Marcus Morris responded by blocking Sreekar on twitter (a move which killed Sreekar apparently, since he hasn't been seen since) and tweeting 'Foolishness' back to the BrightSideSun twitter account.
Before his untimely death, Sreekar did design this cool T-shirt at least.
Like the KCP situation, there's nothing wrong with disagreeing with a writer about the future of the team. And in fact, I agreed with Marcus here. The Suns needed to push to win every game.
However, in retrospect, it's rare that a player openly reacts to an article like this and it belongs in the timeline.
The next day, Jim C. talked about the Suns leading the league in techs, referring to the overtime loss to OKC where the Suns and Thunder combined for seven techs. Many Suns players, namely the Morrii and Tucker, had developed a reputation for complaining to the refs during dead balls, sometimes even AFTER they'd gotten the foul call in their favor. It appeared the refs were ready to T them up the moment they looked cross-eyed.
Jim blasted the players not being able to control themselves, and concluded with a prescient line:
The Suns need to cut this crap out. They're better than this.
And if they don't, Jeff Hornacek needs to do something about it.
Perhaps benching Markieff's ass for the rest of the game next time he picks up a stupid tech will help get the message across. Then afterwards let him deal with this teammates that he let down and explain to the fans why he can't control his temper during a game.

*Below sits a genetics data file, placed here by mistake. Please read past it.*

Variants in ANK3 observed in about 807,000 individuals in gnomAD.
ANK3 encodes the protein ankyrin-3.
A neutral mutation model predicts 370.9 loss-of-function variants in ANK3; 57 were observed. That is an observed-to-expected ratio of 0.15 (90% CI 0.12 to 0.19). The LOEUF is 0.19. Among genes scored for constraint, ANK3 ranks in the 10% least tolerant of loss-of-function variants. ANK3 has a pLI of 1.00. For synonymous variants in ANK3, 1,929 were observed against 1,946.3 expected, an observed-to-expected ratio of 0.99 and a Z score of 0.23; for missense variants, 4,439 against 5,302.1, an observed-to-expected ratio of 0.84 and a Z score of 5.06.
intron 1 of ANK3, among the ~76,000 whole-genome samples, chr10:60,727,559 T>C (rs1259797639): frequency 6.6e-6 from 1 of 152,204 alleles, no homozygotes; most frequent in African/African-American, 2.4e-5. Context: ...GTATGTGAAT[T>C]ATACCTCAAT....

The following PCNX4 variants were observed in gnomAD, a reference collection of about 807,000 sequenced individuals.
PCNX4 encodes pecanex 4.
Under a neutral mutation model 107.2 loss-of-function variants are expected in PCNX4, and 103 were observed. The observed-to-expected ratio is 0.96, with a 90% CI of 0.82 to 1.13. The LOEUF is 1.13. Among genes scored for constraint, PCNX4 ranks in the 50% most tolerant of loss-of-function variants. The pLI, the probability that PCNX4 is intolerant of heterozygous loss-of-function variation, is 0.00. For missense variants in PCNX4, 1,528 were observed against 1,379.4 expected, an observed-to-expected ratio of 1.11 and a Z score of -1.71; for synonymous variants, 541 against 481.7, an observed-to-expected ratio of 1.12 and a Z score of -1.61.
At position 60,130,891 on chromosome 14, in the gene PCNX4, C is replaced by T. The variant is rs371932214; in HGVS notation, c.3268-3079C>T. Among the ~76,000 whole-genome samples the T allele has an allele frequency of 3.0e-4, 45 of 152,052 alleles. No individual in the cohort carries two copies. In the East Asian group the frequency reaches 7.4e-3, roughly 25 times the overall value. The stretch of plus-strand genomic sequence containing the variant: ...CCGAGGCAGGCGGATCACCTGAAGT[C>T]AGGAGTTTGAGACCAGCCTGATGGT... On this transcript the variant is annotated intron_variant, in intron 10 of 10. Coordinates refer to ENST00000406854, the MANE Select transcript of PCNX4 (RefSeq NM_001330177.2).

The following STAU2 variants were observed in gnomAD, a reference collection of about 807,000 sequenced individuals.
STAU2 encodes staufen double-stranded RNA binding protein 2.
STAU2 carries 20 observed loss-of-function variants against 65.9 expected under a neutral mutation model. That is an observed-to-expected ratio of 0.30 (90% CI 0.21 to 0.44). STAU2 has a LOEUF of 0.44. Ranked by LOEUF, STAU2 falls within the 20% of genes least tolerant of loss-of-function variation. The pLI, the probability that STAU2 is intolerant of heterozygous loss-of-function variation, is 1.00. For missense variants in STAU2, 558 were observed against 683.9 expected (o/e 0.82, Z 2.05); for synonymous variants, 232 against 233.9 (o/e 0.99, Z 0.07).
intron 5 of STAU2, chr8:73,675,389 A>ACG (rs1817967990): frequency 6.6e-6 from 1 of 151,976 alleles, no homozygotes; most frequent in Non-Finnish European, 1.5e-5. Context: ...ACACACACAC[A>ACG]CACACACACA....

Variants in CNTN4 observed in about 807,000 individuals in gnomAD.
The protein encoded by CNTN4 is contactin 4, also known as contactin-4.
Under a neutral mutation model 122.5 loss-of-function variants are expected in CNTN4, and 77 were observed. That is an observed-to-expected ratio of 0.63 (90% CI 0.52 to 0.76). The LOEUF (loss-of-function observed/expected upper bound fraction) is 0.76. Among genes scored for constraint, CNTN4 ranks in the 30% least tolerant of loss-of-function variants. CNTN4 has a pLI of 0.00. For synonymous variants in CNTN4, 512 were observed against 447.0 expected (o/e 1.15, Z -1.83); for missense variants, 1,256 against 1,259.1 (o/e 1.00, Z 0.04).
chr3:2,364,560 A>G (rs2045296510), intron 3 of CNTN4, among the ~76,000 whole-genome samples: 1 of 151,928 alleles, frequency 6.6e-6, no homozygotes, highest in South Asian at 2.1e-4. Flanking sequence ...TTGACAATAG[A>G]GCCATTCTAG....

If you're keeping score, the Morrii have now publicly shown disrespect an opposing player and the referees.
And in a span of two days, Bright Side predicted (a) that the Suns were deluding themselves in thinking they were a playoff team and (b) the Suns coaches needed to bench players for picking up stupid techs.
Clearly, by now Bright Side was in the Suns' heads.
If you're keeping score, the Morrii have now publicly shown disrespect to
Three days later during a game against the lowly Timberwolves, Marcus Morris completely lost his cool. On national TV, he yelled so hard at the coach he was spitting.
Mook complained about a missed foul call, and Hornacek reportedly (by Hornacek himself) used some colorful language of his own to tell Mook to "man up" and stop complaining. Mook took exception to that advice.
Mook didn't see the court the rest of the game. He later apologized, but as you can see with the next entry on this list the team didn't learn any lessons.
If you're keeping score, the Morrii have now publicly shown disrespect to
We didn't hear about this new rule until after it happened, but the rule was first employed the game after Mook's blow up. With Markieff and Marcus combining the lead in the league in technicals, it's obvious the source of the Suns coaches' frustrations.
The Suns lost to the Spurs in an awfully ended game where Bledsoe and Tucker both got technical fouls with about two minutes left in a one-possession game. The Ts put the Spurs up by two scores, and Bledsoe and Tucker did not see the floor the rest of the game.
After the game, Hornacek explained the reasoning:
"You know what, we're tired. The coaches have talked about that all year. We're just going to take them out when they get technicals from now on, simple as that."
Thanks Jim. Thanks for putting that idea in Jeff's head. I know his daughter Abby follows us on twitter. She probably read your story and mentioned it to dad, who thought 'now that just might work!'.
But it didn't. The players were still in denial, which portended to an awful ending to this saga.
"It wasn't the reason we lost the game. Definitely wasn't the reason we lost the game. It was a bad technical and I apologize for the technical... but the tech didn't lose the game."
--P.J. Tucker, whose ill-timed T turned a one-possession game into a two-possession and his own ejection game with 2 minutes left.
This is another example of the players showing disrespect to the coaching staff, by denying their own negative impact on the game through their hot-headed actions.